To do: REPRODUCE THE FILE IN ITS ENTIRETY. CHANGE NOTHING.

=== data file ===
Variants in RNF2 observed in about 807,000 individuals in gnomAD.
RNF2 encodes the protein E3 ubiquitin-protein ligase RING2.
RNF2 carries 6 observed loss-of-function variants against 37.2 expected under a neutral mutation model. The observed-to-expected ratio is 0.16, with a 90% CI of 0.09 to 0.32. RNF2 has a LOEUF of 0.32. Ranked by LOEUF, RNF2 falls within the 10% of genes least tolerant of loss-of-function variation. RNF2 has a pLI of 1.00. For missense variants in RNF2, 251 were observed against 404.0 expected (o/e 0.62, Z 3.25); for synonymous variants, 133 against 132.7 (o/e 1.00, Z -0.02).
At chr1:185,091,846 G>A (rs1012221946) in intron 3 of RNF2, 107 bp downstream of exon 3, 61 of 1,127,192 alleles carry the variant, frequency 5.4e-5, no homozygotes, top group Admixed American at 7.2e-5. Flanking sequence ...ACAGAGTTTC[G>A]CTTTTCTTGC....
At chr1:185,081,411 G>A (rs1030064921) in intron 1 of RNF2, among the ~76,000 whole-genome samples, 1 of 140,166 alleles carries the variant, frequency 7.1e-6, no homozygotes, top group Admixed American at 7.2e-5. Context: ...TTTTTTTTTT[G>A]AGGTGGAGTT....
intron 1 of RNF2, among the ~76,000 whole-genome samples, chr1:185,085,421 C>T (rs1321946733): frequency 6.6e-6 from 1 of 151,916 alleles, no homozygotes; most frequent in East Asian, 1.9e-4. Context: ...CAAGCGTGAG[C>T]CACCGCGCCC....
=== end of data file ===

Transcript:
Variants in RNF2 observed in about 807,000 individuals in gnomAD.
RNF2 encodes the protein E3 ubiquitin-protein ligase RING2.
RNF2 carries 6 observed loss-of-function variants against 37.2 expected under a neutral mutation model. The observed-to-expected ratio is 0.16, with a 90% CI of 0.09 to 0.32. RNF2 has a LOEUF of 0.32. Ranked by LOEUF, RNF2 falls within the 10% of genes least tolerant of loss-of-function variation. RNF2 has a pLI of 1.00. For missense variants in RNF2, 251 were observed against 404.0 expected (o/e 0.62, Z 3.25); for synonymous variants, 133 against 132.7 (o/e 1.00, Z -0.02).
At chr1:185,091,846 G>A (rs1012221946) in intron 3 of RNF2, 107 bp downstream of exon 3, 61 of 1,127,192 alleles carry the variant, frequency 5.4e-5, no homozygotes, top group Admixed American at 7.2e-5. Flanking sequence ...ACAGAGTTTC[G>A]CTTTTCTTGC....
At chr1:185,081,411 G>A (rs1030064921) in intron 1 of RNF2, among the ~76,000 whole-genome samples, 1 of 140,166 alleles carries the variant, frequency 7.1e-6, no homozygotes, top group Admixed American at 7.2e-5. Context: ...TTTTTTTTTT[G>A]AGGTGGAGTT....
intron 1 of RNF2, among the ~76,000 whole-genome samples, chr1:185,085,421 C>T (rs1321946733): frequency 6.6e-6 from 1 of 151,916 alleles, no homozygotes; most frequent in East Asian, 1.9e-4. Context: ...CAAGCGTGAG[C>T]CACCGCGCCC....